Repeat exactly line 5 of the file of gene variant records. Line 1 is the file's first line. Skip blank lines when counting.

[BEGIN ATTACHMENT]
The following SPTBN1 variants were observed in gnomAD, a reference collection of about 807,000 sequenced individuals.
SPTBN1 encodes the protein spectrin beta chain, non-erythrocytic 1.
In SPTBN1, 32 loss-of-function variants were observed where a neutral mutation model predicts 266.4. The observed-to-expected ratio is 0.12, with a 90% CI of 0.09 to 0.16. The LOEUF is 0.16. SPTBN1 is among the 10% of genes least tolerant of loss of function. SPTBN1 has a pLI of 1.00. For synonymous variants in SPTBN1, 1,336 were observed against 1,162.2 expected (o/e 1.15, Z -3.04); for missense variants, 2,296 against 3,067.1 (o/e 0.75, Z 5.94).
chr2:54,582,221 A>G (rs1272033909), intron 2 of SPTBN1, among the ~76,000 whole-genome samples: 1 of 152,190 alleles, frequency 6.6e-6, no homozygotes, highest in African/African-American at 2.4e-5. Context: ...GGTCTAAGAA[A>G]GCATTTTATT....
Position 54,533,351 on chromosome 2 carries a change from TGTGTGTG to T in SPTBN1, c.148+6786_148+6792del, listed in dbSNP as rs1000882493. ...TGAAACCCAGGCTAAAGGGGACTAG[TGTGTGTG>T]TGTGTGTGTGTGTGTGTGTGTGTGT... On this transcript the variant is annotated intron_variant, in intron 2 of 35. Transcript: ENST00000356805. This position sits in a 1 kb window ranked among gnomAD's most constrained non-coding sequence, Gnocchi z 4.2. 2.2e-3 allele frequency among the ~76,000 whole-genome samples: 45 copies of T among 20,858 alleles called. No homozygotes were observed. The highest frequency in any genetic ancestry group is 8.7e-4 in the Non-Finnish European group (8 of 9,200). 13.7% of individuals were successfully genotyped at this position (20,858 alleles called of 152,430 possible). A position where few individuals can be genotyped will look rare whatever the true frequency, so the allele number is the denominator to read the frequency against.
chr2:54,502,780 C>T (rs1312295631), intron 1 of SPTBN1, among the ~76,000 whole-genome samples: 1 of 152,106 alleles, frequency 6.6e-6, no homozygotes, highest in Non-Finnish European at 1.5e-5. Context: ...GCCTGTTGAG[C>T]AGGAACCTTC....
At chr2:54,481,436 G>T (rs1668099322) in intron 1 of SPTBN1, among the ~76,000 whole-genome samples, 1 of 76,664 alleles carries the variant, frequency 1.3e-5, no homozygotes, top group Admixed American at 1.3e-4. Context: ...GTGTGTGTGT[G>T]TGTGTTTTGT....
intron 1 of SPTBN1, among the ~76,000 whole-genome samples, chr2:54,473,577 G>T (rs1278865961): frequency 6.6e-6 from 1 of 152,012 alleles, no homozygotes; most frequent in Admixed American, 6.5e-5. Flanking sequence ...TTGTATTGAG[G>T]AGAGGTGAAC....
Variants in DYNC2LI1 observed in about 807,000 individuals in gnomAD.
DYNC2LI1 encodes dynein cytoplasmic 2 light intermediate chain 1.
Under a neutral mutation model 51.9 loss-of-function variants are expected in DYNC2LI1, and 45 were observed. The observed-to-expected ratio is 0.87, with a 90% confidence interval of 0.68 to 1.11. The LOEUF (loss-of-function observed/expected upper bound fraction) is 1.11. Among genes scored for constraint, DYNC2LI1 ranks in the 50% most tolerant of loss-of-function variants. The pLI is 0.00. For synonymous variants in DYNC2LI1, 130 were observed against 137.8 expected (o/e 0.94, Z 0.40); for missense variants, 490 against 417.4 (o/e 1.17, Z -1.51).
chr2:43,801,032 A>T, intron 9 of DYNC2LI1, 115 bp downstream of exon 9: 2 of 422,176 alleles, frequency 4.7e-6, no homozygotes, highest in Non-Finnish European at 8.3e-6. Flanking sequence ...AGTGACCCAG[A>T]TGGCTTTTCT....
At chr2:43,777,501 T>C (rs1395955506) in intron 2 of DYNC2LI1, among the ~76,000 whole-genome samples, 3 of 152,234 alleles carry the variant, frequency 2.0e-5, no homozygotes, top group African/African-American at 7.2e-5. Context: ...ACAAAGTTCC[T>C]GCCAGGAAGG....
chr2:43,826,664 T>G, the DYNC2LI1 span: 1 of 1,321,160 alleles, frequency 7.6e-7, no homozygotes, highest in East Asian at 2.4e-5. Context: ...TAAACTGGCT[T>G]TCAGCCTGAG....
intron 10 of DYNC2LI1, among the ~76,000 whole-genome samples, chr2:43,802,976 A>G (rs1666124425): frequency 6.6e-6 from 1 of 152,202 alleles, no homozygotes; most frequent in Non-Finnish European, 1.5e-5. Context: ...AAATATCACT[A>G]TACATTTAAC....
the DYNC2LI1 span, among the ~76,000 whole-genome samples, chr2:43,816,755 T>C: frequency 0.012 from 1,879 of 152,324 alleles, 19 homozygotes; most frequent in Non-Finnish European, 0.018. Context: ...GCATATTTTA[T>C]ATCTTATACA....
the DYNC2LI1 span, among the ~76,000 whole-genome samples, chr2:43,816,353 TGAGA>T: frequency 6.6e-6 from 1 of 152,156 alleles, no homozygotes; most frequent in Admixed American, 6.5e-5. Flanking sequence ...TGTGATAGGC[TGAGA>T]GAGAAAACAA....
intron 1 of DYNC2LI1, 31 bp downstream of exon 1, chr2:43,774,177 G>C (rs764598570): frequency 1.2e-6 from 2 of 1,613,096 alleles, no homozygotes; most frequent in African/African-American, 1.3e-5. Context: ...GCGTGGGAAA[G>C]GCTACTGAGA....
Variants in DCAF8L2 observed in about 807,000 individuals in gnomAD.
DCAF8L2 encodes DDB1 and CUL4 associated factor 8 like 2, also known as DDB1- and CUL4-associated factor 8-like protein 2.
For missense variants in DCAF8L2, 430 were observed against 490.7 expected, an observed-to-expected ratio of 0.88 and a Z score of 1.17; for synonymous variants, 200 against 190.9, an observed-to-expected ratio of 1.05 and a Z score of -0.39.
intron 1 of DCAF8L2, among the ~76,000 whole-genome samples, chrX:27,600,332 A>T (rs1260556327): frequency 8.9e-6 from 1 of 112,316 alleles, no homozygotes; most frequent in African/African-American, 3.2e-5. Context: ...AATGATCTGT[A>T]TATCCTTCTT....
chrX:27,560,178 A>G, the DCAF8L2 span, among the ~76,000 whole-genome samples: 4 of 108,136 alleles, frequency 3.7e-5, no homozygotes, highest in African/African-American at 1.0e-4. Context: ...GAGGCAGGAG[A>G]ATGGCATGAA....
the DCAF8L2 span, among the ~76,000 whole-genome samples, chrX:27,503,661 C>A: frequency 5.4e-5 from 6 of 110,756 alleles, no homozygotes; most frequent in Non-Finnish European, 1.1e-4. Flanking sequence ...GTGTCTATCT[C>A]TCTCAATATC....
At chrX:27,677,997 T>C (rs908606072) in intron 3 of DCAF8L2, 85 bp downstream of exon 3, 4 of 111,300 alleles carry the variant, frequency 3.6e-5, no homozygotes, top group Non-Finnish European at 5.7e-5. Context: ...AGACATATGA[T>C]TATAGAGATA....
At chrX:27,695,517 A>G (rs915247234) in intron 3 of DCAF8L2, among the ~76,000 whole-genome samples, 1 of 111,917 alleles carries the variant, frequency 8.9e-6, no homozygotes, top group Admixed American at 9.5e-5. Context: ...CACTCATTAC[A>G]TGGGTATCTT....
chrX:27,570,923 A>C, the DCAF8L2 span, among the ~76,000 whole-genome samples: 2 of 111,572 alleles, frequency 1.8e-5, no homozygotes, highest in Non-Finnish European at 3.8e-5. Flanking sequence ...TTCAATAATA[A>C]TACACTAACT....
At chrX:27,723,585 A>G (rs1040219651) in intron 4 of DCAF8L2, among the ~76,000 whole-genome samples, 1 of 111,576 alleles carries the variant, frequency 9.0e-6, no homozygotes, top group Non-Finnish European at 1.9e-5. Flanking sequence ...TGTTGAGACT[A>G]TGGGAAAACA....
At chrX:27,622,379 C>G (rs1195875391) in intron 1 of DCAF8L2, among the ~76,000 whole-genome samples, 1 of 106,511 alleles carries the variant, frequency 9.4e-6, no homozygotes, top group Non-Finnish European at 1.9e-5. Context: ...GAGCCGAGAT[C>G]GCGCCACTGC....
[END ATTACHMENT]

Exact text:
Position 54,533,351 on chromosome 2 carries a change from TGTGTGTG to T in SPTBN1, c.148+6786_148+6792del, listed in dbSNP as rs1000882493. ...TGAAACCCAGGCTAAAGGGGACTAG[TGTGTGTG>T]TGTGTGTGTGTGTGTGTGTGTGTGT... On this transcript the variant is annotated intron_variant, in intron 2 of 35. Transcript: ENST00000356805. This position sits in a 1 kb window ranked among gnomAD's most constrained non-coding sequence, Gnocchi z 4.2. 2.2e-3 allele frequency among the ~76,000 whole-genome samples: 45 copies of T among 20,858 alleles called. No homozygotes were observed. The highest frequency in any genetic ancestry group is 8.7e-4 in the Non-Finnish European group (8 of 9,200). 13.7% of individuals were successfully genotyped at this position (20,858 alleles called of 152,430 possible). A position where few individuals can be genotyped will look rare whatever the true frequency, so the allele number is the denominator to read the frequency against.